Cell phones. Internet. Airplanes. Electricity. Computers. These are modern conveniences we often take for granted. Last week I was reminded of how recent and incredible is this technology.

I was in St. Louis last week for a short family vacation. There, we visited the Gateway Arch. Seeing it up close and personal is an awe inspiring experience. It's catenary curve is 630 long from leg to leg and 630 feet high. The margin of error for joining the two ends was only 1/64". All measurements were done without the aid of computers. When you watch the movie of how the Arch was built, you realize it was an incredible engineering accomplishment.

While we were in St. Louis, I learned that a 95 year old member of our church had passed away. This dear lady was born in rural Kansas in 1914. Rural Kansas a that time had no electric lines or telephone. Cars and farm equipment were scarce.

But fast forward 50 years later. Electricity, telephone, cars, and farm combines are in abundance. And in 1965, the Arch was completed. Obviously, the innovation in technology continued to explode. Today, we have robotic surgery, the Internet, cell phones, and computerized everything.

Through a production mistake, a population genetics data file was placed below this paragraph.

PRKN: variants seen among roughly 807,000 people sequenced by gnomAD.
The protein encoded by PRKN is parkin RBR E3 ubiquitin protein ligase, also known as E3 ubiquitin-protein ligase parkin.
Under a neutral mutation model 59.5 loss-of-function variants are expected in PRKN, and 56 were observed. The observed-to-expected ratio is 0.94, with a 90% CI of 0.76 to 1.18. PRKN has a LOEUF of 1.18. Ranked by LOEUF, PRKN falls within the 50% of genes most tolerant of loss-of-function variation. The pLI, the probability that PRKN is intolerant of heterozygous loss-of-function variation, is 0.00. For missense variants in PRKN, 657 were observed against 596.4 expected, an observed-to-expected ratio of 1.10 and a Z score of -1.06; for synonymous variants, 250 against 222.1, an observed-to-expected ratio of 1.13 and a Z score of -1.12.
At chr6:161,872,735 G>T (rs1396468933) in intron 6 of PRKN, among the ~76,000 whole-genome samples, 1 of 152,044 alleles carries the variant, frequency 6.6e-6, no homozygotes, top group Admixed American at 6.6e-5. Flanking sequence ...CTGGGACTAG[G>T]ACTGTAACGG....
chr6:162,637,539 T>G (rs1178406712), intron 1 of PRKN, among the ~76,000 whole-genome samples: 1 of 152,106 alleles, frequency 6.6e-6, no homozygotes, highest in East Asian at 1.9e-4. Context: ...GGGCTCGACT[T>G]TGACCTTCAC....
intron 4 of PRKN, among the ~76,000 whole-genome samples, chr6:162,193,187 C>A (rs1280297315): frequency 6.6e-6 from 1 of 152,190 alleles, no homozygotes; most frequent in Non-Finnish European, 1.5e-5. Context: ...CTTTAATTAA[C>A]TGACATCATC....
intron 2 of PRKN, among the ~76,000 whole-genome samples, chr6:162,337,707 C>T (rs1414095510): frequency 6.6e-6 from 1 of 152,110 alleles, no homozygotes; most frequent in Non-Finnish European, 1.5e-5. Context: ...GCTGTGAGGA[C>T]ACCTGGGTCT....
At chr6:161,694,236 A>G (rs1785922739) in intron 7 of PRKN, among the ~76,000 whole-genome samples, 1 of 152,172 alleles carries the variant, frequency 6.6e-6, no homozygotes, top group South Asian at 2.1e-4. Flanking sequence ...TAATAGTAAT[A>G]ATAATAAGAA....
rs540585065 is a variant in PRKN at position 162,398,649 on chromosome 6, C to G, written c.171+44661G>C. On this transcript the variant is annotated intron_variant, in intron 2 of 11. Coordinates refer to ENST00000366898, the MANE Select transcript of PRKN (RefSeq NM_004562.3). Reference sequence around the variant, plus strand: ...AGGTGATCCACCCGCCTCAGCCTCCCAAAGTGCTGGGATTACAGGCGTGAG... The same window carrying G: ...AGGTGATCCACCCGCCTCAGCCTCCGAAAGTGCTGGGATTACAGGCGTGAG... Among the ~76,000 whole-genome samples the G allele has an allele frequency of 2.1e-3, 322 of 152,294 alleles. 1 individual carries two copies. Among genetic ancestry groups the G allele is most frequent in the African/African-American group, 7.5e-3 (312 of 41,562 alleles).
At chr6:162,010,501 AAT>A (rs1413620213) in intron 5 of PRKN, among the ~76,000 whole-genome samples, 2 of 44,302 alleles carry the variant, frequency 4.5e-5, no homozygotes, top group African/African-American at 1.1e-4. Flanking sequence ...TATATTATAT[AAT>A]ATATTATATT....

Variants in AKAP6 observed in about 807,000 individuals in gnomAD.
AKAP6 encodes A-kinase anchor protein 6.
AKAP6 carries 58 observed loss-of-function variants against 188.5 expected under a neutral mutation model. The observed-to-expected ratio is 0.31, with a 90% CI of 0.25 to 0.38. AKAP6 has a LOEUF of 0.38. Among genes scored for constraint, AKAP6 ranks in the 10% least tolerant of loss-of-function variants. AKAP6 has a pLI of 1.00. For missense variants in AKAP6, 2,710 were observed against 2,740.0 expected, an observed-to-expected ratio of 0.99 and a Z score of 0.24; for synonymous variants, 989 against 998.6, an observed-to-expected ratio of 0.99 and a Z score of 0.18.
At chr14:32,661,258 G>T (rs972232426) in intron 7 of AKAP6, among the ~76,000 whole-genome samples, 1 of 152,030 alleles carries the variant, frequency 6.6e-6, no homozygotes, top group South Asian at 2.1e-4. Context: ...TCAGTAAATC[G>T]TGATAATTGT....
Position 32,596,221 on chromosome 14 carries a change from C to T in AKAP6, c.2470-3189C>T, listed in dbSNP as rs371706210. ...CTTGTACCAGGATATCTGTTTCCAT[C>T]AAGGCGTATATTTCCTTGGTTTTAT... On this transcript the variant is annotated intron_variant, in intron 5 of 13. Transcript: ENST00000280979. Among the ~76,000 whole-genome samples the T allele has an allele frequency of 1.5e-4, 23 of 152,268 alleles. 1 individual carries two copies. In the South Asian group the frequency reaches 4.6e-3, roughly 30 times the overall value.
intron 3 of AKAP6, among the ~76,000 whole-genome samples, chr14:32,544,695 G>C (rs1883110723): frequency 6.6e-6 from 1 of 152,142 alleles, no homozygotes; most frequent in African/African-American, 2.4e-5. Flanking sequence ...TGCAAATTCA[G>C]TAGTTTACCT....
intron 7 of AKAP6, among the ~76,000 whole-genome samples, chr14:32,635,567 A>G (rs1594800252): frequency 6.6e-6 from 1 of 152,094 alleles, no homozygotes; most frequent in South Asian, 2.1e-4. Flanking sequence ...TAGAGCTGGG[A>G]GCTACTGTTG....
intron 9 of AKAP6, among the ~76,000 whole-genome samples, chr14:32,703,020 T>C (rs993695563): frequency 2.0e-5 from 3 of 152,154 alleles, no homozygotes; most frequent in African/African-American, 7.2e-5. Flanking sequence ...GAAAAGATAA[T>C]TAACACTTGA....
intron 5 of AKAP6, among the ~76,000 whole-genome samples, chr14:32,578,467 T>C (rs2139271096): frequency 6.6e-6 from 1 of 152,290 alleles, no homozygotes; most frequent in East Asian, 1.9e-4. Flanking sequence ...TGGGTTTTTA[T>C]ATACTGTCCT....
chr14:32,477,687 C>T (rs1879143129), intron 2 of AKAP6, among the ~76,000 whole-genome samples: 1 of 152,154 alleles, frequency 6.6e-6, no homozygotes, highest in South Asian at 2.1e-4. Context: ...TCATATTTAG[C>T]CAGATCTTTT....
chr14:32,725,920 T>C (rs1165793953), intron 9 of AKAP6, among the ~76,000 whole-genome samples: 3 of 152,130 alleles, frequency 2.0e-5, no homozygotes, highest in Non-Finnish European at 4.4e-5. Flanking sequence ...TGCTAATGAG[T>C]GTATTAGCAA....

We have all this amazing technology--and it's come about in just the last 50-100 years.

And yet, humanity has progressed so little. 1914 was the start of World War I. A few more wars have occurred since then. We still have conflict, aggression, self-centeredness, and wickedness. We still need a Savior.

We've come so far, but not much has changed.

Saturday, January 02, 2010

Top 10 Tweets from 2009

2009 wasn't a great year for my blog. Between pastoral responsibilities at the Congregational Church and teaching responsibilities at Sterling College, I just didn't have much time for writing thoughtful blog posts.

However, 2009 was the year I wrote extensively on Twitter. Twitter is a site where you confine your thoughts to just 140 characters. Yes, it's limiting, but it's amazing how much you can communicate in so little words. My "tweets" can be found on the bottom right of this blog or you can follow me at Twitter.

The impact of Twitter in social media is evident in this article--"The Top 10 Most Important Tweets in 2009."

Check it out and start tweeting!

Friday, January 01, 2010

A Bible Reading Plan You Can Do!

Reading the Bible regularly and consistently is always a challenge. If you're like me, your motivation is great at the beginning of the new year and wanes as the year progresses. And then, when you get behind, you get discouraged, and eventually give up.

But fear not, here's a plan that provides the guidance, discipline, and (missing from most plans), the grace to help you consistently read the whole counsel of God's Word. Called the "Shirkers and Slackers" program, it assigns a specific section of Bible literature to a day of the week. So for example, Thursday is dedicated to the Old Testament prophets. When you finish a reading, you check it off. If you miss a day, the reading will be waiting for you next week.

This is my official Bible reading plan for 2010. I challenge you to do it too! Tortoises, charge!

HT: Justin Taylor